If we as supervisors are doing our job of relationship building with our staffers; if we are demonstrating leadership by being willing to pull up a chair and work alongside; if we are willing to even taken something off their desk so they could focus on other priorities, odds are they will be there for us and for the team when, upon occasion, we ask them to step outside the normal boundaries of their job description.
Depending on the size of your program or organization, you may need to consult with your Human Resources department. In this case, the changes you would propose are functioning as recommendations for their consideration.
Matching job descriptions to performance appraisal forms
Once you make revisions to any job descriptions it is essential that you make corresponding revisions to the performance appraisal forms for that role. It is neither helpful nor appropriate to evaluate a staffer, positively or negatively, for an aspect of their performance that does not exist in their job description. Nor should they be overlooked for an aspect of their performance that was inadvertently left off their performance appraisal form. Job descriptions and performance evaluation templates need to be in agreement in order to be comprehensive and fair.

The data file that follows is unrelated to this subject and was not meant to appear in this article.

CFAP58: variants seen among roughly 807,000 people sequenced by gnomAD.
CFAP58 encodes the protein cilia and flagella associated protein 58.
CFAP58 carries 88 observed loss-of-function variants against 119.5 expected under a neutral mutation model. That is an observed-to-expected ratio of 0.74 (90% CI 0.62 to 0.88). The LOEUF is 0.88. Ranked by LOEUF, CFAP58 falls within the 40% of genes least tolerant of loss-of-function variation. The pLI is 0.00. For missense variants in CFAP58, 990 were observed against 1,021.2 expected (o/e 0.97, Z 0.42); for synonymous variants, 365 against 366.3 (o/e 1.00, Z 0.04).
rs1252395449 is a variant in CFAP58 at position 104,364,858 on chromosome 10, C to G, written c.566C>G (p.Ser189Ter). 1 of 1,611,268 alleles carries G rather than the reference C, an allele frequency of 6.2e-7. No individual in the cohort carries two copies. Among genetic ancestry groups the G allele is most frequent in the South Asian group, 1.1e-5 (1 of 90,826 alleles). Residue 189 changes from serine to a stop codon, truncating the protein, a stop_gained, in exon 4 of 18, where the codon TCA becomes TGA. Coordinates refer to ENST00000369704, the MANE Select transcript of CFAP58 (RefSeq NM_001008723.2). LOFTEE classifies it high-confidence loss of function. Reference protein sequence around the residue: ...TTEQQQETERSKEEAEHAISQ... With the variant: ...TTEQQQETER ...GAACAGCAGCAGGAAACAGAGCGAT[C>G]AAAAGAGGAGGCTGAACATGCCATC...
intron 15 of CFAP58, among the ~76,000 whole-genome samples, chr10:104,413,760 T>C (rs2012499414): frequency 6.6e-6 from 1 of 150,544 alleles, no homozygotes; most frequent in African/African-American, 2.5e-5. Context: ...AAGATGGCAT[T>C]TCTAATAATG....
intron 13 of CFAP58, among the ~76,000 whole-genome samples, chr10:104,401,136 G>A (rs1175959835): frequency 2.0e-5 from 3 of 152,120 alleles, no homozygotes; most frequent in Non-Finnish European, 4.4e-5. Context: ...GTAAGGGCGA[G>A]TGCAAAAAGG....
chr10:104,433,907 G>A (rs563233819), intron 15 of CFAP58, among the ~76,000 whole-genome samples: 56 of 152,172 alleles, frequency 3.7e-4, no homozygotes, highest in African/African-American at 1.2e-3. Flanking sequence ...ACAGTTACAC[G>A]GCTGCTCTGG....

For front-line workers, supervisors, or program managers alike, look at your own job descriptions carefully. If there is something there that is irrelevant, or something you do of which you are proud that doesn’t appear in your job description, make a few notes. Ask your supervisor or HR about a possible revision.
There is plenty to do in our efforts to advocate for the oppressed and underserved populations we serve as social workers, social work supervisors, and not-for-profit managers. Knowing when “It is” or “Is not” the job of your supervisee to do something you ask of them is greatly dependent on the expectations you’ve set forth. Expectations that reside in an accurate, fair, and current job description.